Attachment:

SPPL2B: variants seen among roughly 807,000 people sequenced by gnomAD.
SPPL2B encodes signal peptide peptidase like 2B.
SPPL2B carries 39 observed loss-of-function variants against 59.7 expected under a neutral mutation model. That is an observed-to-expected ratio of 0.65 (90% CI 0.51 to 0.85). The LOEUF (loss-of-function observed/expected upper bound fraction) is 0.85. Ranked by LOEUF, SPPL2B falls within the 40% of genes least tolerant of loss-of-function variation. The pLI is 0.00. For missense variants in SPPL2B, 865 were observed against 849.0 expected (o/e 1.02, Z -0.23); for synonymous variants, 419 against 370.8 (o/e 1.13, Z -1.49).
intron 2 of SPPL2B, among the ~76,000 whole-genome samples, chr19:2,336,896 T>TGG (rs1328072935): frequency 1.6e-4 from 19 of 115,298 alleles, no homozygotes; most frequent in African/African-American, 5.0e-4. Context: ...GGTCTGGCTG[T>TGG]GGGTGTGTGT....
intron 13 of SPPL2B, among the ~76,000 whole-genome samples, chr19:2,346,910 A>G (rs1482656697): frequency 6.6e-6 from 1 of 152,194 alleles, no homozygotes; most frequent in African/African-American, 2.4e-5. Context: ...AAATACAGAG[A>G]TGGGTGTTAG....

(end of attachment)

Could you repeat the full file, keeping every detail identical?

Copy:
SPPL2B: variants seen among roughly 807,000 people sequenced by gnomAD.
SPPL2B encodes signal peptide peptidase like 2B.
SPPL2B carries 39 observed loss-of-function variants against 59.7 expected under a neutral mutation model. That is an observed-to-expected ratio of 0.65 (90% CI 0.51 to 0.85). The LOEUF (loss-of-function observed/expected upper bound fraction) is 0.85. Ranked by LOEUF, SPPL2B falls within the 40% of genes least tolerant of loss-of-function variation. The pLI is 0.00. For missense variants in SPPL2B, 865 were observed against 849.0 expected (o/e 1.02, Z -0.23); for synonymous variants, 419 against 370.8 (o/e 1.13, Z -1.49).
intron 2 of SPPL2B, among the ~76,000 whole-genome samples, chr19:2,336,896 T>TGG (rs1328072935): frequency 1.6e-4 from 19 of 115,298 alleles, no homozygotes; most frequent in African/African-American, 5.0e-4. Context: ...GGTCTGGCTG[T>TGG]GGGTGTGTGT....
intron 13 of SPPL2B, among the ~76,000 whole-genome samples, chr19:2,346,910 A>G (rs1482656697): frequency 6.6e-6 from 1 of 152,194 alleles, no homozygotes; most frequent in African/African-American, 2.4e-5. Context: ...AAATACAGAG[A>G]TGGGTGTTAG....